Allen Weisselberg, who was financial director of the Trump Organization for five decades and one of the tycoon’s most faithful squires, pleaded guilty this Thursday in a court in Manhattan (New York) to 15 crimes of tax fraud, after reaching a agreement with the prosecution in exchange for a reduced sentence.
Weisselberg, who turned himself in last year, has admitted he hatched a scheme to avoid paying taxes by defrauding $1.76 million in income over 15 years. He also benefited from unreported in-kind payments that included rent for a luxurious apartment and two high-end vehicles, as well as tuition at exclusive schools for his grandchildren. The confessed tax evader, who through the aforementioned agreement can be sentenced to five months in prison, five years of probation and the payment of a fine of two million dollars, has so far refused to implicate Donald Trump in the plot.
Weisselberg, 75, is the only piece that has received justice so far in the two cases opened in New York against the tycoon, one civil and one criminal, for alleged irregularities in his business. Firewall or scapegoat to prevent the action of justice from reaching his former employer, Weisselberg could be called to testify against the Trump Organization, the name given to the family emporium, in a criminal trial that will start on October 24.
Weisselberg’s testimony could tip the scales against the company, but by all accounts, the chief financial officer is not expected to cooperate with Manhattan prosecutors in the investigation. It does seem likely that the subpoena will bolster the Manhattan District Attorney’s criminal case against the Trump Organization; a cause that languished due to the abandonment of two investigators in February and due to the doubts of the current prosecutor, who inherited the case. In a parallel case, of a civil nature, instructed by the Attorney General of the State of New York, Letitia James, Trump was forced to appear last week, after months refusing to do so, although he accepted the Fifth Amendment of the Constitution not to testify against himself. In this case, which investigates the possible make-up of the value of assets to obtain tax relief and loans on favorable terms, his eldest children Donald Jr. and Ivanka are also being investigated, not accused. Nor has the tycoon been charged at the moment.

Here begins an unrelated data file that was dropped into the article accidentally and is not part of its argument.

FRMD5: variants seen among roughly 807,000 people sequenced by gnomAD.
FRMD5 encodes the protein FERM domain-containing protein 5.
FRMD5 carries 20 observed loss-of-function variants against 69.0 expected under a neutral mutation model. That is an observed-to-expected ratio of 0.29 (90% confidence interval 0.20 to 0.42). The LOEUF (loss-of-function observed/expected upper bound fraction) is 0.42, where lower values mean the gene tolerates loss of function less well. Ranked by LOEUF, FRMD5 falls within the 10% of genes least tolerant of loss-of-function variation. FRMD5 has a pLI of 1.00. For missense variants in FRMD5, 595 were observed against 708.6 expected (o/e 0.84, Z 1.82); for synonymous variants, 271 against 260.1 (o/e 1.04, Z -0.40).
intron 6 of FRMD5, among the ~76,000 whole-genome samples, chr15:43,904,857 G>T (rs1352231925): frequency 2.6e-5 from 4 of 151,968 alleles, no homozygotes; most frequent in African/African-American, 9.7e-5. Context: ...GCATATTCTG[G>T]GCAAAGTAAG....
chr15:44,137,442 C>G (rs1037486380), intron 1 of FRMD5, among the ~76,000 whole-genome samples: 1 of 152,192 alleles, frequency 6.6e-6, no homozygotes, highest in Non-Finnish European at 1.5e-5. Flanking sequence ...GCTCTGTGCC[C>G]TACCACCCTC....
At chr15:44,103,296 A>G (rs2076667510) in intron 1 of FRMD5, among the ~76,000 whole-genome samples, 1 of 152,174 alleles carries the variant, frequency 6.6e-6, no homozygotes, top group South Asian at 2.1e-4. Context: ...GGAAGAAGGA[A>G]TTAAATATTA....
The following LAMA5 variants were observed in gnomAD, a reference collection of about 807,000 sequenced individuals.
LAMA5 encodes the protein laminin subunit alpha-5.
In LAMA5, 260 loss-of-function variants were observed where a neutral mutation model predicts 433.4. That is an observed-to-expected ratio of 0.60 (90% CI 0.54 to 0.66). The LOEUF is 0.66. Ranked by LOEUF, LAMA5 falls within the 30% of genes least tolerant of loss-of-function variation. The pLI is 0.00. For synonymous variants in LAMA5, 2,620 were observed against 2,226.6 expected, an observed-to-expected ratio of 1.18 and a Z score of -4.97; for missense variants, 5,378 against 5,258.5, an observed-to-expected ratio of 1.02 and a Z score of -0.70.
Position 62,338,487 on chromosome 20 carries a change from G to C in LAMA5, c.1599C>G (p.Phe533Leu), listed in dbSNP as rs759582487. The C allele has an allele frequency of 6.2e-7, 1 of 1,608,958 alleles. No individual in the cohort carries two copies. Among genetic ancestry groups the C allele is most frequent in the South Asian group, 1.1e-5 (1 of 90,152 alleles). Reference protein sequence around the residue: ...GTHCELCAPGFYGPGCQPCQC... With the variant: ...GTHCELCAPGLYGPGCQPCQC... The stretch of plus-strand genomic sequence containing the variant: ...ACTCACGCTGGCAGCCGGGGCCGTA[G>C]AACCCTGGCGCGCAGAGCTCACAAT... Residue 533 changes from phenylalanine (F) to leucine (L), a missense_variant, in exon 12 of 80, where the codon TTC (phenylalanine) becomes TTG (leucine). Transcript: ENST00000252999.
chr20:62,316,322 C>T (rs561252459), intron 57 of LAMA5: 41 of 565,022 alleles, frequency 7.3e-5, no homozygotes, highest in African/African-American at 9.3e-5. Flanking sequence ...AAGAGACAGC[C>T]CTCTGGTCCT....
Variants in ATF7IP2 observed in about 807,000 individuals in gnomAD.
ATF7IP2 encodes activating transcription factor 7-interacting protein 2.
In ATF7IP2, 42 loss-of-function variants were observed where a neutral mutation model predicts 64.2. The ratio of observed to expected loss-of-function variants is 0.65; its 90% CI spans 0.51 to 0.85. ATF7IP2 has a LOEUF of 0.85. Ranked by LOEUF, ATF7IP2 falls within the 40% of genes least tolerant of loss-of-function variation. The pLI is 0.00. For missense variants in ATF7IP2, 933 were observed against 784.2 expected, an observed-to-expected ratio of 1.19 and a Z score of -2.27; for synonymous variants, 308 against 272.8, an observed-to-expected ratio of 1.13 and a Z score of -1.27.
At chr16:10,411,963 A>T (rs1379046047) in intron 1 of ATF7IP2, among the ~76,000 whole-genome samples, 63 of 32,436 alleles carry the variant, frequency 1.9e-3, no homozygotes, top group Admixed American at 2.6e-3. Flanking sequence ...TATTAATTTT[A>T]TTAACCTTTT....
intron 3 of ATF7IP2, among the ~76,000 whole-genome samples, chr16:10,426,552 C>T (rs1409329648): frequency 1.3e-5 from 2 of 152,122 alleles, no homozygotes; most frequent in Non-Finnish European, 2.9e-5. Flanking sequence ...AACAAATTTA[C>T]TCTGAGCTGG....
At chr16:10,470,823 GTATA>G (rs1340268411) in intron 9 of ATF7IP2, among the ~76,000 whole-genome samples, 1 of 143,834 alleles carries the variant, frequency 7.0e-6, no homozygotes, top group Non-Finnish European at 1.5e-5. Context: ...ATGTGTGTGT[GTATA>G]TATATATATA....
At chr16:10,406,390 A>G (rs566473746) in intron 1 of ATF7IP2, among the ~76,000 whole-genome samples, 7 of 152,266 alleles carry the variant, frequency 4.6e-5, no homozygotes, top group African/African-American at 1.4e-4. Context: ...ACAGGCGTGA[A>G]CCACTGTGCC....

Both investigations, the criminal one of the Manhattan prosecutor’s office and the civil one of the New York prosecutor’s office, started in 2019, with the Republican still in the White House. In July 2021, Manhattan prosecutors filed charges of conspiracy to defraud, tax fraud and falsifying business records, after considering it proven that some executives of the emporium received payments “not recorded in the accounting books.” Prosecutors allege Weisselberg hid and evaded taxes on $1.76 million in income, including rent for a luxury Manhattan apartment, two Mercedes-Benzes and college tuition for his grandchildren, the latter of which he paid with Trump’s signature.
Weisselberg has worked for Trump for nearly half a century and despite his surrender to justice, he still remains on the payroll as a senior adviser. The family emporium owns golf clubs, hotels and other real estate around the world. If the irregularities are proven in court, the organization could face fines and other sanctions. Jury selection begins on October 24, two weeks before the decisive mid-term elections in which Democrats are at stake for control of Congress and in which numerous Trump-backed candidates will battle their rivals. Trump, who has other major court cases pending, has not yet said whether he plans to run for re-election in 2024.
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